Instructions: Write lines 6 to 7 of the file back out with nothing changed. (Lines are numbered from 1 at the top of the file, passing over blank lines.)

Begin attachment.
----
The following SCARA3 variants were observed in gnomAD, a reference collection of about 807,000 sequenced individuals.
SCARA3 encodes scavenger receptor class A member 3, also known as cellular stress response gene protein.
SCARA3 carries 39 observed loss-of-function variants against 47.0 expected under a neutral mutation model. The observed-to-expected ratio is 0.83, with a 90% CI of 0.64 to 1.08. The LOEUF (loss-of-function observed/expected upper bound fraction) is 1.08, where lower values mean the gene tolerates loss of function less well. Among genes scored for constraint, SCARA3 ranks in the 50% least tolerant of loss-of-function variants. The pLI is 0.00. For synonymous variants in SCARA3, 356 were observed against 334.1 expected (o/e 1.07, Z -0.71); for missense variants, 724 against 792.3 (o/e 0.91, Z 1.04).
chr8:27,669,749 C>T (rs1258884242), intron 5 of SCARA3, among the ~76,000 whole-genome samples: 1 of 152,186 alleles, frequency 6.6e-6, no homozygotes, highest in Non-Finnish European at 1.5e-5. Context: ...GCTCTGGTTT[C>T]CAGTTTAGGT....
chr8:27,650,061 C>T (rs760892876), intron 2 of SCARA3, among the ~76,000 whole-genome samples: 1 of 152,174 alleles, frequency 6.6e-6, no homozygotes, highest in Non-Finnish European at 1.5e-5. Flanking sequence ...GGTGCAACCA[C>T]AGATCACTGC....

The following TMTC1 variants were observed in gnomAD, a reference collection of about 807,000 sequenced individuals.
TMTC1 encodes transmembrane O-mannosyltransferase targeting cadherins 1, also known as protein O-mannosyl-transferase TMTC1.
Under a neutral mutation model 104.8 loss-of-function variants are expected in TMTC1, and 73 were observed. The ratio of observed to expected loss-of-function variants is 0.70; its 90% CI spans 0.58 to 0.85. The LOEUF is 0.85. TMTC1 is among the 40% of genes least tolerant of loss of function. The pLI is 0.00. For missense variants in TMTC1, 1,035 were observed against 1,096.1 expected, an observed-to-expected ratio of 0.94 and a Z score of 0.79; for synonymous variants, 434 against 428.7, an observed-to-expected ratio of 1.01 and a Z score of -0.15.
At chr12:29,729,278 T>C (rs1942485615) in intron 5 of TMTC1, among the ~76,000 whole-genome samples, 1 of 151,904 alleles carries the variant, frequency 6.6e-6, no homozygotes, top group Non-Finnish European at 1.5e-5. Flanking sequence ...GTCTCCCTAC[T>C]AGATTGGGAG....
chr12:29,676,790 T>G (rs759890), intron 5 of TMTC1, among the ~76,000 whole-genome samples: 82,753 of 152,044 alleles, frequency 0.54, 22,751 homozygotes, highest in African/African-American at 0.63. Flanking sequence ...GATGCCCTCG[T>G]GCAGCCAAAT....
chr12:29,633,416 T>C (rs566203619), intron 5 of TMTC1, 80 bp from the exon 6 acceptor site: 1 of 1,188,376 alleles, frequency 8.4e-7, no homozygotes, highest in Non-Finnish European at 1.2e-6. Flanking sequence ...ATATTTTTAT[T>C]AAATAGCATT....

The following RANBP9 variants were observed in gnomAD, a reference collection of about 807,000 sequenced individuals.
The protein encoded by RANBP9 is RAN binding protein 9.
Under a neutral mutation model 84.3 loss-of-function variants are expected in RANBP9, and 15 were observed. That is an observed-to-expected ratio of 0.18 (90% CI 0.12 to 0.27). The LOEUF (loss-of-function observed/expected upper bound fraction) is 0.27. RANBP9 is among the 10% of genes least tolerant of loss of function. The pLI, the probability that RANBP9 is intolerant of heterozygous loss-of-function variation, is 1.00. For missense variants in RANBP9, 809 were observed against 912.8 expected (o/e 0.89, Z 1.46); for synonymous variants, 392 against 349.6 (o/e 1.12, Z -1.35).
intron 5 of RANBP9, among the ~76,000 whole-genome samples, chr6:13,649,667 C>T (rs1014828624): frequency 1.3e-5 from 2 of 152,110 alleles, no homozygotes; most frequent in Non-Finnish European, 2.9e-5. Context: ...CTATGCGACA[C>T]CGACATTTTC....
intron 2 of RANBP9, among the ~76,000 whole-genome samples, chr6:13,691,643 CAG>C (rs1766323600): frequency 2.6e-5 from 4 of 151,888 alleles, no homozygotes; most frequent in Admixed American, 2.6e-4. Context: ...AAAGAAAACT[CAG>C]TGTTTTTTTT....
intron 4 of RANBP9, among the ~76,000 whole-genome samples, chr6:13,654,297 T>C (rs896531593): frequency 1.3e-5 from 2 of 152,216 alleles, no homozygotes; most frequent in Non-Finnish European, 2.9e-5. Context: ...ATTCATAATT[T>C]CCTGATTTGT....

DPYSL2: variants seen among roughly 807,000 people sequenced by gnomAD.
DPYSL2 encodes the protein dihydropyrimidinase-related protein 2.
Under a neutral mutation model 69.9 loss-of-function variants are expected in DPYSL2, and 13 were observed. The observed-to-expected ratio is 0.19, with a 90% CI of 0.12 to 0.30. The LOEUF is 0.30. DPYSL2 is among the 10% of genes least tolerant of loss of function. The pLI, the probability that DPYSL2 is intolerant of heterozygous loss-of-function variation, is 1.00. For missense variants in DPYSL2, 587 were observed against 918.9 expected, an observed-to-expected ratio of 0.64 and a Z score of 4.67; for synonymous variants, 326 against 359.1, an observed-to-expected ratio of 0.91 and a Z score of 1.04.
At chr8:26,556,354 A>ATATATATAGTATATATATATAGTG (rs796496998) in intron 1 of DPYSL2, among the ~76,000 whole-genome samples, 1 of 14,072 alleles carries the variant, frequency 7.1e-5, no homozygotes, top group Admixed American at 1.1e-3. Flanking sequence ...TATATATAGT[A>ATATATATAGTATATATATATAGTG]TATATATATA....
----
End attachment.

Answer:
The following TMTC1 variants were observed in gnomAD, a reference collection of about 807,000 sequenced individuals.
TMTC1 encodes transmembrane O-mannosyltransferase targeting cadherins 1, also known as protein O-mannosyl-transferase TMTC1.